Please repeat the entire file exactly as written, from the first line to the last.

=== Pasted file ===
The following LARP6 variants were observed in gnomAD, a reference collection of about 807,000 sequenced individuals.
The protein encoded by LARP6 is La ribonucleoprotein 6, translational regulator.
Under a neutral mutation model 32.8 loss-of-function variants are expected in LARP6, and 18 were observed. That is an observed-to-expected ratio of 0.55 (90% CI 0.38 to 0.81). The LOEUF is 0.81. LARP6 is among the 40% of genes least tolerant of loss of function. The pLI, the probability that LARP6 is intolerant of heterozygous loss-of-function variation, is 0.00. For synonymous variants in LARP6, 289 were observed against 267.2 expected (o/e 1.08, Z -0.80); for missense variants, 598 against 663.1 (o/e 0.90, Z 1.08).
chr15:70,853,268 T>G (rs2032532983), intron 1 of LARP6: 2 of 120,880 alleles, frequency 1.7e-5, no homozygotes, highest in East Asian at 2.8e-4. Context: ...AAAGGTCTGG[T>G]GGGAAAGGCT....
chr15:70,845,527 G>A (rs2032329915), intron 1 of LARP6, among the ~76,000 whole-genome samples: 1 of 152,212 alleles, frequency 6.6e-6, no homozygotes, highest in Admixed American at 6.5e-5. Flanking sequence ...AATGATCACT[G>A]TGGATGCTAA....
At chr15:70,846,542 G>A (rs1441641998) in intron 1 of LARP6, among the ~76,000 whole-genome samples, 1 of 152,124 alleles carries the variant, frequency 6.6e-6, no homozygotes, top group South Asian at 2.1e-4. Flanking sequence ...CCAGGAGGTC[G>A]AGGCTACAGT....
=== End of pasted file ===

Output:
The following LARP6 variants were observed in gnomAD, a reference collection of about 807,000 sequenced individuals.
The protein encoded by LARP6 is La ribonucleoprotein 6, translational regulator.
Under a neutral mutation model 32.8 loss-of-function variants are expected in LARP6, and 18 were observed. That is an observed-to-expected ratio of 0.55 (90% CI 0.38 to 0.81). The LOEUF is 0.81. LARP6 is among the 40% of genes least tolerant of loss of function. The pLI, the probability that LARP6 is intolerant of heterozygous loss-of-function variation, is 0.00. For synonymous variants in LARP6, 289 were observed against 267.2 expected (o/e 1.08, Z -0.80); for missense variants, 598 against 663.1 (o/e 0.90, Z 1.08).
chr15:70,853,268 T>G (rs2032532983), intron 1 of LARP6: 2 of 120,880 alleles, frequency 1.7e-5, no homozygotes, highest in East Asian at 2.8e-4. Context: ...AAAGGTCTGG[T>G]GGGAAAGGCT....
chr15:70,845,527 G>A (rs2032329915), intron 1 of LARP6, among the ~76,000 whole-genome samples: 1 of 152,212 alleles, frequency 6.6e-6, no homozygotes, highest in Admixed American at 6.5e-5. Flanking sequence ...AATGATCACT[G>A]TGGATGCTAA....
At chr15:70,846,542 G>A (rs1441641998) in intron 1 of LARP6, among the ~76,000 whole-genome samples, 1 of 152,124 alleles carries the variant, frequency 6.6e-6, no homozygotes, top group South Asian at 2.1e-4. Flanking sequence ...CCAGGAGGTC[G>A]AGGCTACAGT....